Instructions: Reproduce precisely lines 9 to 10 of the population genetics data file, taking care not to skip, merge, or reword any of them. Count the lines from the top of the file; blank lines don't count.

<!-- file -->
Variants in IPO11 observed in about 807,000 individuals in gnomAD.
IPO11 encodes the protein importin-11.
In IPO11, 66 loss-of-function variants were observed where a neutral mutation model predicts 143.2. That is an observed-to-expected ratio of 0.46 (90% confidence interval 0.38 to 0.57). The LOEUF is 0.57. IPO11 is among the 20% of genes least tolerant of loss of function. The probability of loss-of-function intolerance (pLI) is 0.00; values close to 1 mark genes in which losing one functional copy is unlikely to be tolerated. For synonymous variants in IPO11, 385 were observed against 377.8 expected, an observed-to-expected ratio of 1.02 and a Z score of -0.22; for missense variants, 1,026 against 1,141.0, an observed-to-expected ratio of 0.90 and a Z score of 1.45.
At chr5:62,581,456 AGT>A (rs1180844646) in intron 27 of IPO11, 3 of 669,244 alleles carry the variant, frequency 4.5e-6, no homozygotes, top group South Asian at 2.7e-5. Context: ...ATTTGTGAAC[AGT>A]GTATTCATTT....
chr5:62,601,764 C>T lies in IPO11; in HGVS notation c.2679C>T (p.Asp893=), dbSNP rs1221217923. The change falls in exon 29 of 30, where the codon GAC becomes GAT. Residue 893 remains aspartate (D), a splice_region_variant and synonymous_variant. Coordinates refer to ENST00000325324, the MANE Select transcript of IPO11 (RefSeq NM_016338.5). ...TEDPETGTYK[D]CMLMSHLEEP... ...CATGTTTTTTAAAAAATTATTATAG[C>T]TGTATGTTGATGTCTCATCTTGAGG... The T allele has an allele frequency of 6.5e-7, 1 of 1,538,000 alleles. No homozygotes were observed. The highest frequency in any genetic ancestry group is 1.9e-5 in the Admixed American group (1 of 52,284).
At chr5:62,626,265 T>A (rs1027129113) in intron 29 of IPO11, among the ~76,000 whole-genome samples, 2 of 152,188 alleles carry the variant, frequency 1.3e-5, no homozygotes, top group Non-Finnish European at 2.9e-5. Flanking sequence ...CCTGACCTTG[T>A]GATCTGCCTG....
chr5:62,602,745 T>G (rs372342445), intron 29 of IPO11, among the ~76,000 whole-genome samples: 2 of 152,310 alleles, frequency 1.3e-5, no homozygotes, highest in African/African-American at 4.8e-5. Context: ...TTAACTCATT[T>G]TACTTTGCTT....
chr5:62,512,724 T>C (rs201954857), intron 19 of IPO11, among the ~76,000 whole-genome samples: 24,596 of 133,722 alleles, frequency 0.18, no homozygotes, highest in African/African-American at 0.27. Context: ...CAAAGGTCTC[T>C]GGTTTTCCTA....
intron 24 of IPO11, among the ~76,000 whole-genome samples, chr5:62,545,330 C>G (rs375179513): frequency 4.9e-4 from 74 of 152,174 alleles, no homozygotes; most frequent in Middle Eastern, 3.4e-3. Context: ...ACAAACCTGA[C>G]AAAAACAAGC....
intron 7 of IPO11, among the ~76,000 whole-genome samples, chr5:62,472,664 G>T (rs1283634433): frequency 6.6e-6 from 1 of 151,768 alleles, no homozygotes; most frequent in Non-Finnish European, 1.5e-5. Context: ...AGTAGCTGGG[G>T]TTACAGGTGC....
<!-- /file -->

intron 24 of IPO11, among the ~76,000 whole-genome samples, chr5:62,545,330 C>G (rs375179513): frequency 4.9e-4 from 74 of 152,174 alleles, no homozygotes; most frequent in Middle Eastern, 3.4e-3. Context: ...ACAAACCTGA[C>G]AAAAACAAGC....
intron 7 of IPO11, among the ~76,000 whole-genome samples, chr5:62,472,664 G>T (rs1283634433): frequency 6.6e-6 from 1 of 151,768 alleles, no homozygotes; most frequent in Non-Finnish European, 1.5e-5. Context: ...AGTAGCTGGG[G>T]TTACAGGTGC....